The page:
Hearing loss comes in various forms – it may occur gradually (for example, as the result of aging) or suddenly (as the result of an accident or trauma). The hearing loss itself may be short-term or permanent, and may vary from mild (having difficulty understanding casual conversation) to severe (complete deafness). A single ear can be affected by hearing loss, or both ears.
There are also a number of signs and symptoms associated with hearing loss, one of the more common of which is a growing inability to hear or understand conversations. You may perceive other’s speaking voices as if they were speaking very softly or are too distant to be heard properly, or their voices may appear to be muffled and indistinct. Or alternatively, you might be able to hear folks speaking but notice that you are having trouble differentiating individual words; this may become more noticeable when several people are speaking simultaneously, or when you are in busy locations.
Some other signs that you may have some hearing loss include turning up the volume on your TV or radio much higher than you did in the past, not being able to distinguish certain high-pitched sounds (such as ‘th’ or ‘s’) from one another, and having more difficulty hearing women’s voices than men’s voices. If you feel pain, irritation, or itching in your ears, have instances of vertigo or dizziness, or hear a constant buzzing or ringing sound, these symptoms can also be indicators of hearing loss.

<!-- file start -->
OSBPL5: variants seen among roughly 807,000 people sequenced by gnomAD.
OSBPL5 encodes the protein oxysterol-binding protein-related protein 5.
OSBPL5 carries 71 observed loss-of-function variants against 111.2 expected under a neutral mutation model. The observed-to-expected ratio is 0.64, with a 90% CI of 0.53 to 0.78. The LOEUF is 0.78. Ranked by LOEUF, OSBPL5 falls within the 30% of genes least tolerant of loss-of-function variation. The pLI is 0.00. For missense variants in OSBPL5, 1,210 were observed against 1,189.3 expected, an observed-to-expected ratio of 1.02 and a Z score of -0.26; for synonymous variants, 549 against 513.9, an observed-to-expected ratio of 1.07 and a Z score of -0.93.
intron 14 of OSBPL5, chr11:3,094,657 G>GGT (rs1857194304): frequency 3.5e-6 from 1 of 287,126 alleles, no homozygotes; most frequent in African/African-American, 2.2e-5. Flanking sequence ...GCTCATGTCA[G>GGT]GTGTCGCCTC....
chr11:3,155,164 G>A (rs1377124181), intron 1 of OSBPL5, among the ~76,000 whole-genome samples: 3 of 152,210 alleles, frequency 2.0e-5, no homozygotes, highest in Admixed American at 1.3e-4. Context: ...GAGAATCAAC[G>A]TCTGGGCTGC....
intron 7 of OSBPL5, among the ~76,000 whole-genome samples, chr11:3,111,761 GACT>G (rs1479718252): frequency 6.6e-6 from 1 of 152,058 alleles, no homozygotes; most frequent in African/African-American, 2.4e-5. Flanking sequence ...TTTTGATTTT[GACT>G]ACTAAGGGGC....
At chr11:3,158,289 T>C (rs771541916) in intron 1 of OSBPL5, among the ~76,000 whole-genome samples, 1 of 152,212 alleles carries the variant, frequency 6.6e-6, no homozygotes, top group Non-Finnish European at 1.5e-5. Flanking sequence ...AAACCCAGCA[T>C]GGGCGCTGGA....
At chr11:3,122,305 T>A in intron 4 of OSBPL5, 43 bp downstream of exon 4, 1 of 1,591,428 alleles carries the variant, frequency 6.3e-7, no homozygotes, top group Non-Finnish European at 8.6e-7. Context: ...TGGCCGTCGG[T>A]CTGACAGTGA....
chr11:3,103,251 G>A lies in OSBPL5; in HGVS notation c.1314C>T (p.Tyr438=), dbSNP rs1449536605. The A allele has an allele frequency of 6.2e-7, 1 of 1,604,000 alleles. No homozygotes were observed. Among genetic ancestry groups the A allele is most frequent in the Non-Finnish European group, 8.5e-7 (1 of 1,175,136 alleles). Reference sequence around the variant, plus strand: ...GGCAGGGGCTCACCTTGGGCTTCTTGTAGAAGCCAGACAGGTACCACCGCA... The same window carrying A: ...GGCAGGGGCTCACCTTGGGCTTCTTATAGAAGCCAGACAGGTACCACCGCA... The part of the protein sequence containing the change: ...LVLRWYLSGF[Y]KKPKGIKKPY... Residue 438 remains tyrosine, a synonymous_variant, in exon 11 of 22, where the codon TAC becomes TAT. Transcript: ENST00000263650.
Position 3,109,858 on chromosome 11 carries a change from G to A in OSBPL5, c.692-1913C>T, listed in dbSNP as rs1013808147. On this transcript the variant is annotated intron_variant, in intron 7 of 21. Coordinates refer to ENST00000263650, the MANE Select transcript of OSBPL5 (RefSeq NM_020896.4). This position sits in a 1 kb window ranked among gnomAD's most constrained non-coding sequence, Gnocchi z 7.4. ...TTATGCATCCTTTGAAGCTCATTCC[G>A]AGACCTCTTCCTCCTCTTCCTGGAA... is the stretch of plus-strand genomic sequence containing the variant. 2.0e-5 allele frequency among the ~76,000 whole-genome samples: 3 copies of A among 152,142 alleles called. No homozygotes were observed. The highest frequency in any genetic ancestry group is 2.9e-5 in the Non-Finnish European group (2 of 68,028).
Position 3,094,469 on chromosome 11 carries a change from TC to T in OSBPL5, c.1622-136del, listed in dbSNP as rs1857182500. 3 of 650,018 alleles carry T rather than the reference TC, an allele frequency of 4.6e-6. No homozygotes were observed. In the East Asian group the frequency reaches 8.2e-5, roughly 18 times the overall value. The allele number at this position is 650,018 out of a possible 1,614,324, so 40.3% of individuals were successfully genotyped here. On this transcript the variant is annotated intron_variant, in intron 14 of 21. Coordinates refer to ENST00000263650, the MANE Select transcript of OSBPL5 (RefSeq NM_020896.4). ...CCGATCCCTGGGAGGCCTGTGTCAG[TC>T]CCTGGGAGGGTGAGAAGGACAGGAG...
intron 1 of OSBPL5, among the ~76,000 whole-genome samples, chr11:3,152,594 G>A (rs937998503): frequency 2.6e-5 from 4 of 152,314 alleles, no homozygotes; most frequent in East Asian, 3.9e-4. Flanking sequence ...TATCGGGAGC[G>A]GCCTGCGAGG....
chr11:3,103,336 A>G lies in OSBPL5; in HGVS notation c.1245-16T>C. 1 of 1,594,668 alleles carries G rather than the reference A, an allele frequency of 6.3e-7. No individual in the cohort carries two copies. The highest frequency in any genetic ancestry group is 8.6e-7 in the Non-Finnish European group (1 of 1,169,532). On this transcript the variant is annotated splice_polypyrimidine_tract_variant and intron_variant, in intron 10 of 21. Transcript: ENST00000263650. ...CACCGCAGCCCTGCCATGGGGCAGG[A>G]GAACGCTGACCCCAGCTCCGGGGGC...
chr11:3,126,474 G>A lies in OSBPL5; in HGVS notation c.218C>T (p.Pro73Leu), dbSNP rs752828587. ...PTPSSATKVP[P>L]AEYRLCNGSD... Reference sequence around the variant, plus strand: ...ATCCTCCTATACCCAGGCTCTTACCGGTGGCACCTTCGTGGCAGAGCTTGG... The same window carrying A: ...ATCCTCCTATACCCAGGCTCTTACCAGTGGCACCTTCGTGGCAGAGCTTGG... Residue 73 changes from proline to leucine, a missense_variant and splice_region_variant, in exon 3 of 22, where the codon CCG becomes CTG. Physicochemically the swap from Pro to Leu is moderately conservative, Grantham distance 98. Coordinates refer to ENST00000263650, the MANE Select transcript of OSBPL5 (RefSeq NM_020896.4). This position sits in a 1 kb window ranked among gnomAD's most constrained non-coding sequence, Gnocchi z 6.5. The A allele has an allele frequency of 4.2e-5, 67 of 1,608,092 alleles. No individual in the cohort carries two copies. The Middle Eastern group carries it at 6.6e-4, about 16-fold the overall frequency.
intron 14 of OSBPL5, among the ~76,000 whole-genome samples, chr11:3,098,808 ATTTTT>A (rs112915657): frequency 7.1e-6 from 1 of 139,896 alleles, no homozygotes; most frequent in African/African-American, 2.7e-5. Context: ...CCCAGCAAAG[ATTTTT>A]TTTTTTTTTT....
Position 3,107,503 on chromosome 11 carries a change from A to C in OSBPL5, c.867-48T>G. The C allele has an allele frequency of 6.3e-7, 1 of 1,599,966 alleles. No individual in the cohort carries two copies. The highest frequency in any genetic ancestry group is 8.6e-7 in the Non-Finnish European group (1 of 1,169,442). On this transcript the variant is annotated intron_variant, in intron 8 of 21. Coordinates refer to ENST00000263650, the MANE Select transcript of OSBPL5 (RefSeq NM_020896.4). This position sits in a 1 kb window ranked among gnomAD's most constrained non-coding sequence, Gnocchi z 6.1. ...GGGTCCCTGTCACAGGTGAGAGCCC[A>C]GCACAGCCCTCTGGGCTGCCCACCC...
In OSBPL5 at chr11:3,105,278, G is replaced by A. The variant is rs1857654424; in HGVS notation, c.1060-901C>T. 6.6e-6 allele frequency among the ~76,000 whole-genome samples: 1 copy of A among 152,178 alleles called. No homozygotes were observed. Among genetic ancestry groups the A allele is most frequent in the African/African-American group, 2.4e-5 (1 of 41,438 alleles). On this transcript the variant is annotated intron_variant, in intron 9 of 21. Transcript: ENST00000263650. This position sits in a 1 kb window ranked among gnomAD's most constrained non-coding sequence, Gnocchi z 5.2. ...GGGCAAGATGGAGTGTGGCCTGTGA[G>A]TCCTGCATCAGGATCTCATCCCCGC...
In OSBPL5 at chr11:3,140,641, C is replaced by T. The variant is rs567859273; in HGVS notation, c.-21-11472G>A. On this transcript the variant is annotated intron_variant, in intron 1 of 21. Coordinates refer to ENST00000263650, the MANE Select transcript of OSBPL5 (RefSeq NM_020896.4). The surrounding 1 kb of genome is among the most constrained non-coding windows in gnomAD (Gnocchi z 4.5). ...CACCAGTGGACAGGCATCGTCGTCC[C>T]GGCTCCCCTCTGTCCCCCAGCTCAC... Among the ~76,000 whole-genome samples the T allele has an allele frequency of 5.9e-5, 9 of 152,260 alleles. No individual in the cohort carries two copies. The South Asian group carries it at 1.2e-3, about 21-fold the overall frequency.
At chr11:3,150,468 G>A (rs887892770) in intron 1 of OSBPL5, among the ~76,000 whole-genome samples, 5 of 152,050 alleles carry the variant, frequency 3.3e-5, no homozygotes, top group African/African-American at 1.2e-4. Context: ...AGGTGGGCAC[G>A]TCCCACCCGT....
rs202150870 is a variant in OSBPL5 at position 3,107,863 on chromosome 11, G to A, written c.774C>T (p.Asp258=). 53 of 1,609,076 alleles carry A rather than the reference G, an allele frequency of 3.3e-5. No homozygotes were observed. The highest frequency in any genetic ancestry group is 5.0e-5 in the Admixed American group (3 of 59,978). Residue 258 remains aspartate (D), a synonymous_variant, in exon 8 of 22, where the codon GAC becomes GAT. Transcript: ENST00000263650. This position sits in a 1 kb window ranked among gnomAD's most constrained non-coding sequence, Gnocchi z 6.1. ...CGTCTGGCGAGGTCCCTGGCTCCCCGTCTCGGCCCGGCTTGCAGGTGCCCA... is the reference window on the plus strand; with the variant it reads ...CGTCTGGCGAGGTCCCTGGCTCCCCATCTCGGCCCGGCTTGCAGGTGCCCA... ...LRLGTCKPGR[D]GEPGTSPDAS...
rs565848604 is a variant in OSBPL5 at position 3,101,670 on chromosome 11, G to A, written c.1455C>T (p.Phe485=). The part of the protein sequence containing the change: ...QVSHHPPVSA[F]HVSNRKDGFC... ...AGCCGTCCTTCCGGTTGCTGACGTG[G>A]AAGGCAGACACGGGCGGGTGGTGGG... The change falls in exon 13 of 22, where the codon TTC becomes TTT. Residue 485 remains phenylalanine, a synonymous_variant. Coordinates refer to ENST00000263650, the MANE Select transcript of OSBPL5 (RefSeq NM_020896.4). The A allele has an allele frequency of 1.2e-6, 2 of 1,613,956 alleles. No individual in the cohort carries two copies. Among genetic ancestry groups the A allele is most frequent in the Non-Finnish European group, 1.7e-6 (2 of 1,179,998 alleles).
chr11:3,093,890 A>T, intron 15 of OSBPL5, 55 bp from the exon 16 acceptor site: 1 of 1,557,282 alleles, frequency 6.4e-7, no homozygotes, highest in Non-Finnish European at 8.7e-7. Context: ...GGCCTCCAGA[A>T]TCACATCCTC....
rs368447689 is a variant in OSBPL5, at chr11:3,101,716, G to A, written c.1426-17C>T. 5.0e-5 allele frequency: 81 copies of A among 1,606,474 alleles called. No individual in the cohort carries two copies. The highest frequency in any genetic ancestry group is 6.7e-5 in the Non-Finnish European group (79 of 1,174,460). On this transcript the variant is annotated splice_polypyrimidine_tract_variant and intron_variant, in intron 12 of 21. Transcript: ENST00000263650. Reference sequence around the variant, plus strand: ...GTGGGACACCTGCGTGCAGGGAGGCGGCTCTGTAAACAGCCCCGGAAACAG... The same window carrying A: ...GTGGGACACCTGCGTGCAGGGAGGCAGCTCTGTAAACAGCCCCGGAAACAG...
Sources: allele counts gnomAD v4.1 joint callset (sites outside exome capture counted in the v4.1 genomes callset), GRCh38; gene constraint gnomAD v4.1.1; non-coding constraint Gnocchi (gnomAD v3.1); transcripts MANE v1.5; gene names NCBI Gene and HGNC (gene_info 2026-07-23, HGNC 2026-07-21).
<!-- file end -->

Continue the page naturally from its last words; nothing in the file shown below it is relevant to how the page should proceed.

One of the problems with hearing loss is that it may arise so gradually that people may not even realize it. Or they may recognize it but display “denial behaviors” in an attempt to hide or conceal their hearing loss from others. For instance, people attempting to hide hearing loss may ask other people to repeat themselves often, are likely to avoid conversations and social interaction, fake having heard things they really didn’t, and over time can develop feelings of depression and isolation.
If you have encountered any of these symptoms, make an appointment with one of our specialists. We can help by administering tests to see if you do have hearing loss, and if you have, we can help determine exactly what to do about it.